Tuesday, February 14, 2012

Entering the Realm of the First Emperor of China (220 BC)

I am nearing the end of of my Qin Dynasty reading, and as usual the book pile has grown a little as I have been carrying out my investigations...

I started with the first few chapters (early times to Han) of the Cambridge Illustrated History edited by Patricia Buckley Ebrey which gave me an excellent grounding,

I then revisited a book I had read a couple of years ago: The Dynasties of China by Bamber Gasgoigne. Just a couple of pages in that introduces the era.

I then moved on to read The First Emperor edited by Jane Portal.

This was a series of essays on various aspects of the life of the first Qin emperor, but its main focus was the archeology of his tomb near Xian. Various experts described the buildings, the scientific studies, the clothing, the social aspects and what is known about the emperor's life. There was a little overlap, but this added to the dove-tailing effect as one expert took over from the one who had gone before. The book is stunningly illustrated, and I now feel I know a lot about the contents of the emperor's tomb.

One of the authors of the essays was Michael Lowe, and I read his book: Everyday Life in Early Imperial China next.

This concentrated mainly on the Han empire that came after the Qin. The Han Empire lasted for several centuries, whereas the Qin lasted for less than two decades, so there is much more information about life under the Han than the Qin. One of the main sources of information is The Records of the Grand Historian by Sima Qian, and I have read the pertinent parts of this too, having discovered one night that it was available on the Kindle ( The First Emperor Selections from the Historical Records by Sima Qian, translated by Raymond Dawson).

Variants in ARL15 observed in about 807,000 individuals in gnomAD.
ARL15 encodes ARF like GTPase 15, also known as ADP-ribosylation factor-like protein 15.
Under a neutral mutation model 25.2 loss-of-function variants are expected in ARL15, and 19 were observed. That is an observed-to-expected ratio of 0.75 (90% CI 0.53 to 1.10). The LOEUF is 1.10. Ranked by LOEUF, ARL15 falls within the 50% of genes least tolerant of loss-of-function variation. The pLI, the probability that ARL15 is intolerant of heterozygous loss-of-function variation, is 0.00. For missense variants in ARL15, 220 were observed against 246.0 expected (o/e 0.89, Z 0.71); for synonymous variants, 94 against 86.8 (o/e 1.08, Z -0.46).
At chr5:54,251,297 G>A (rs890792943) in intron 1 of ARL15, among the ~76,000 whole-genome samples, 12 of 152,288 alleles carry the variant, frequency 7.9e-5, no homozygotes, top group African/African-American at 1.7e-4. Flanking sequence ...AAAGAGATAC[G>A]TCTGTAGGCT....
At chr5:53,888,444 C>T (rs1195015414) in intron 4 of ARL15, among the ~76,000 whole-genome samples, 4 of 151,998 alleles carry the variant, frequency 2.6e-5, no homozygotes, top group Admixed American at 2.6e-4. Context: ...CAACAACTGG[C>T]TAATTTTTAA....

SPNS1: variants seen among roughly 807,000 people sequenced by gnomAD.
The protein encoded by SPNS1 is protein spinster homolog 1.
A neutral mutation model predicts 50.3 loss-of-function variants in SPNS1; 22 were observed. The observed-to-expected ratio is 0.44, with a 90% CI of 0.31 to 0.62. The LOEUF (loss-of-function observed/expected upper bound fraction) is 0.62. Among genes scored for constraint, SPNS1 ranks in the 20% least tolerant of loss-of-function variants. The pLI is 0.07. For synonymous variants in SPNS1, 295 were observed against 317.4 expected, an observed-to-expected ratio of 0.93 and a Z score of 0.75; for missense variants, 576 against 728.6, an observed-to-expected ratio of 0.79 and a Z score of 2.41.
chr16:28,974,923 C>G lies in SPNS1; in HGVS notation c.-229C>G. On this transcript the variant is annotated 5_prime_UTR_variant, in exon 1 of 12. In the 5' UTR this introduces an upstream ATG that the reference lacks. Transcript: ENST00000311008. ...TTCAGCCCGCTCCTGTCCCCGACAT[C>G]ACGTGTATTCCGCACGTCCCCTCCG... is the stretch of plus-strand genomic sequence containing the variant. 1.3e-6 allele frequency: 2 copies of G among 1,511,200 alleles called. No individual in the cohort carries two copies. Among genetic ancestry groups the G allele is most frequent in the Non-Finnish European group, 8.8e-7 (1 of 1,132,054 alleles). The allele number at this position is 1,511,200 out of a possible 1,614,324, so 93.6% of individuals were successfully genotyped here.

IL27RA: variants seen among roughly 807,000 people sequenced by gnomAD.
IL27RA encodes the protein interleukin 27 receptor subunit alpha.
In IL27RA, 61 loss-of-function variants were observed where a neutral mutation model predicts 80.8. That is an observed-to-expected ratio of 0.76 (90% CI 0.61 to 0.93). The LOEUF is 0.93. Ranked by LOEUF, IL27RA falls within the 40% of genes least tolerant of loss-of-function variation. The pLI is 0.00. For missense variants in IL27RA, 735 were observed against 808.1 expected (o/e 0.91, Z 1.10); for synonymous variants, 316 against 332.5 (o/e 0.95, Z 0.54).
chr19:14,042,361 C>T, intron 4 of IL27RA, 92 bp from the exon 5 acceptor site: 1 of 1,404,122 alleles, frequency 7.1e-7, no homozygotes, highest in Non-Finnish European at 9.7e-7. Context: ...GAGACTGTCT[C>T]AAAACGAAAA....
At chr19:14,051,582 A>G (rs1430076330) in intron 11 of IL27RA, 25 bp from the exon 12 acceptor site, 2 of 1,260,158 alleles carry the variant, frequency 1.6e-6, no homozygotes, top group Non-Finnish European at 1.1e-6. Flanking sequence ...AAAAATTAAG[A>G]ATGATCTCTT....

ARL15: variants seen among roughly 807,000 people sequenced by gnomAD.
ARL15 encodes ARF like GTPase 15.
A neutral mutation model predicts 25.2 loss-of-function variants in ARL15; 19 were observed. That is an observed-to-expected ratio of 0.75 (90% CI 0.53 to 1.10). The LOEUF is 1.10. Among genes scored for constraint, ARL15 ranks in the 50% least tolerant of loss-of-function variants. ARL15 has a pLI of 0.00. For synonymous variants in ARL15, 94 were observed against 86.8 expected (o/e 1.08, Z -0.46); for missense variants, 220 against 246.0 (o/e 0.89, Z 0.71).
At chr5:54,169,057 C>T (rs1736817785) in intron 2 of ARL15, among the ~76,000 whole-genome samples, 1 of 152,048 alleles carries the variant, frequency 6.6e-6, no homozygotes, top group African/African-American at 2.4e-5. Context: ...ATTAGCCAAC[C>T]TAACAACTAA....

Frances Wood's The First Emperor of China
also depends on Sima Qian's book, but she also uses the content of the Emperor's tomb to give a concise description of life in Qin China. Again, this book was very well illustrated with drawings which added a lot to my understanding of the era.

The remaining books I have dipped into: China Land of Discovery and Invention by Robert K.G. Temple - which is a catalogue of Chinese inventions, and each time I look I am amazed at the range of Chinese discoveries made so long before our own. The Anthology of Chinese Literature from early times to the 14th century by Cyril Birch

gave me a taste of various Chinese writing including extracts from Sima Qian, and Zhuangzi which enticed me to read more (the Raymond Dawson translation and also Zhuanzi's Essential Writing).

The I Ching was recommended to me by Anne S. I have so far only dipped into this too but already I see it provides an excellent insight into the mindset of China in this era.

I like to feel fully immersed in a time and approach it from as many different ways as I can find. So apart from the books I have also been watching films: Confucius

(which was full of epic battles and gave the sense of a wandering scholar), Hero (more fighting, but this time one to one and conveyed in a mystical and fantastical way)

and tonight, perhaps, The First Emperor

after which I shall come blinking back into the light of the modern day.


Anonymous Shelley said...

The glazed expression on some of those statues is almost...classical Greek.

Tue Feb 14, 06:52:00 pm  
Blogger Clare Dudman said...

Strange you should say that, Shelley, because I found out last year that some Chinese and Japanese sculpture do indeed have a Classical Greek influence. I think it reached China a little later than 200 BC though. http://en.wikipedia.org/wiki/Greco-Buddhist_art

Tue Feb 14, 08:31:00 pm  

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